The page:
The basement was most likely the biggest update to the church, if not the most dangerous. Prior to 1906, the basement was merely a crawl space, until part of the cellar was dug out to make space for a steam heat boiler. Eventually, the congregation wanted more space for their Junior Department Sunday School, so they decided to create a real basement. It was a major undertaking to excavate the area underneath the Church. Soon after starting the project, it was discovered that Red Church sat on solid rock. Men started with just picks and shovels to create a small opening on the south wall, as dirt was carried away in buckets. When the opening became large enough, more manpower was used and dirt could be a hauled away in wheelbarrows. While the work progressed slowly, the men were not discouraged.
Finally, the opening became large enough to get a small bull-dozer in to loosen the rock. The mining company offered to help with this project, at no expense to the church. Men, who were experts in mining, came and set off dynamite in the area being excavated under the church to loosen the remaining rock. This job was quite risky, but the experts were confident in their work. When the blast was set off, it did not even vibrate the building.
There was also some small remodeling done on the highest part of the church. Due to high winds, the original steeple was lowered in 1932, by removing the 30 foot spire. The old steeple had a gilded weather vane and a ball on top. In 1957, again because of high winds, cross bolts had to be installed. And in 1965, the steeple was lighted by church friends. Mr. Martz, who lived on a farm nearby, did not like how dark the church looked at night. He began collecting money to have the lighting installed.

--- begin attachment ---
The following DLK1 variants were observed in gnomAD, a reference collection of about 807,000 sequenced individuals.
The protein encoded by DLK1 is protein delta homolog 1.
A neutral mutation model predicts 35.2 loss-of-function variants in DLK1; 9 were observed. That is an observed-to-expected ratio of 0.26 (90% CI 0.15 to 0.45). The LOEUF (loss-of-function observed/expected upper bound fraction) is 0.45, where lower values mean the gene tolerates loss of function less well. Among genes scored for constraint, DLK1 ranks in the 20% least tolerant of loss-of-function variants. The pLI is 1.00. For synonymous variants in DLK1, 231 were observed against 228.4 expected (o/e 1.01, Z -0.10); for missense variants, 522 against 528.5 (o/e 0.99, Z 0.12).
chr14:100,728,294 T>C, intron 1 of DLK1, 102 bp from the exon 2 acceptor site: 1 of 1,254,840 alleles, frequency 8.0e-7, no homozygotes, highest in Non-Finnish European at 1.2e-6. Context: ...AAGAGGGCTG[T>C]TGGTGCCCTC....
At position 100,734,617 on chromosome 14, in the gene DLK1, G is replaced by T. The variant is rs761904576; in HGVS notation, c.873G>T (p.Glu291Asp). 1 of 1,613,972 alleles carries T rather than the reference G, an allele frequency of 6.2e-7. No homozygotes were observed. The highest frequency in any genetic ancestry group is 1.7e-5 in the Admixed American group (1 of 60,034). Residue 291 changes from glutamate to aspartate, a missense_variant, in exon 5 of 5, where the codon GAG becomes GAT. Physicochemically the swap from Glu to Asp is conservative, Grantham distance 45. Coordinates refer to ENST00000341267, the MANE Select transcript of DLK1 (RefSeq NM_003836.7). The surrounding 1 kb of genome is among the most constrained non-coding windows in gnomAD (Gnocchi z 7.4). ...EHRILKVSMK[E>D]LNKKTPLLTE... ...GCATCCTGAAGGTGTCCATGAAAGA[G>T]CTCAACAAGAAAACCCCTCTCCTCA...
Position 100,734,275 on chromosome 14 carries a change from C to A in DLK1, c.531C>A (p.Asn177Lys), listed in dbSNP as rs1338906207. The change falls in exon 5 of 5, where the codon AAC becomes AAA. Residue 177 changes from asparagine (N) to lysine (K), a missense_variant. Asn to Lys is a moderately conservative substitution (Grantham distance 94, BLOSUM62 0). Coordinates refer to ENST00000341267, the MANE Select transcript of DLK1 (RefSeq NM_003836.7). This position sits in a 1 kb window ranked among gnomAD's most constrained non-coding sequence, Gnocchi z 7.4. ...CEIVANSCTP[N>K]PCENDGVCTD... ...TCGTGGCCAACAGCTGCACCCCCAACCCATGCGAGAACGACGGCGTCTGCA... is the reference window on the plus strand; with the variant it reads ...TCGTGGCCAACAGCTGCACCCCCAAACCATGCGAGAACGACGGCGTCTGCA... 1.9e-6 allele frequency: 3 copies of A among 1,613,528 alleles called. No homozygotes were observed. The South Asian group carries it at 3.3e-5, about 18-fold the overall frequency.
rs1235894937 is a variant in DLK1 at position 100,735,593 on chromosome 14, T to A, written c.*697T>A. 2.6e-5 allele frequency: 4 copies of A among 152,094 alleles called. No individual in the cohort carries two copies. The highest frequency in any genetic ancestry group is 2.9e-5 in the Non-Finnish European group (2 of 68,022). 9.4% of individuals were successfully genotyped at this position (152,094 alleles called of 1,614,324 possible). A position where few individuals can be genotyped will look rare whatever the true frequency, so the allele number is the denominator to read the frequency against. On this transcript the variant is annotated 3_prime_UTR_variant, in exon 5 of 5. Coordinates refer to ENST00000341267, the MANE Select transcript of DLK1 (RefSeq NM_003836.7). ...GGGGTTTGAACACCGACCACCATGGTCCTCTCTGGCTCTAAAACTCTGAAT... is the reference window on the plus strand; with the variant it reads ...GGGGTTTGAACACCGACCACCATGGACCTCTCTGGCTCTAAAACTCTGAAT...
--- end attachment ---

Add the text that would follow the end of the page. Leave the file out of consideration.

On the middle, or ground floor, there is a smaller space for worship that is used during the hot days of summer. Occasionally, there is a fellowship time held there following worship. Board meetings, our annual White Elephant and Bake Sale, and other special events are located there too. Off of the hallway that leads to the main stairs for the sanctuary, there are two offices. One is for the Pastor and the other for the Secretary and general use.
History on Display
Toward the back of the main area on the middle floor sits a large display case, placed by Grace Meck, in memory of Simon Meck. Some items held there include old bibles, hymnals, and pictures. Specifically, on the bottom shelf center sits a marble baptismal font from 1900, given by Samuel Deibert of Orwigsburg. His twin daughters were the first to be baptized from it. On the fourth shelf from the top, slightly to the left, there are two wooden offering boxes, once used in church. The long handles, provided for reaching those who sat further from the aisles, were not preserved. Additionally, there are communion vessels which were used in 1770, along with a communion set from 1800 and 1881.
One picture shows the previous painting that was displayed upstairs in the sanctuary. Its subject was Christ in the Garden of Gethsemane. It was paid for by Francis Faust. At the time, this painting was on the front wall of the sanctuary, behind the altar. The ceiling and side walls also had decorations on them. Interestingly, on the four corners of the ceiling in the sanctuary, there were frescoes of an “Open Bible”. No matter how one turned, one could not turn away from the open bible.
Currently, upstairs in the sanctuary there is a painting titled “Come Unto Me” from 1948 by Nicholas Bervinchak of Minersville. The painting is on canvas and fastened to the wall with small square gold leaf sheets. Nicholas rubbed the sheets on his hair to make a static charge, before applying the gold leaf as a border around his artwork.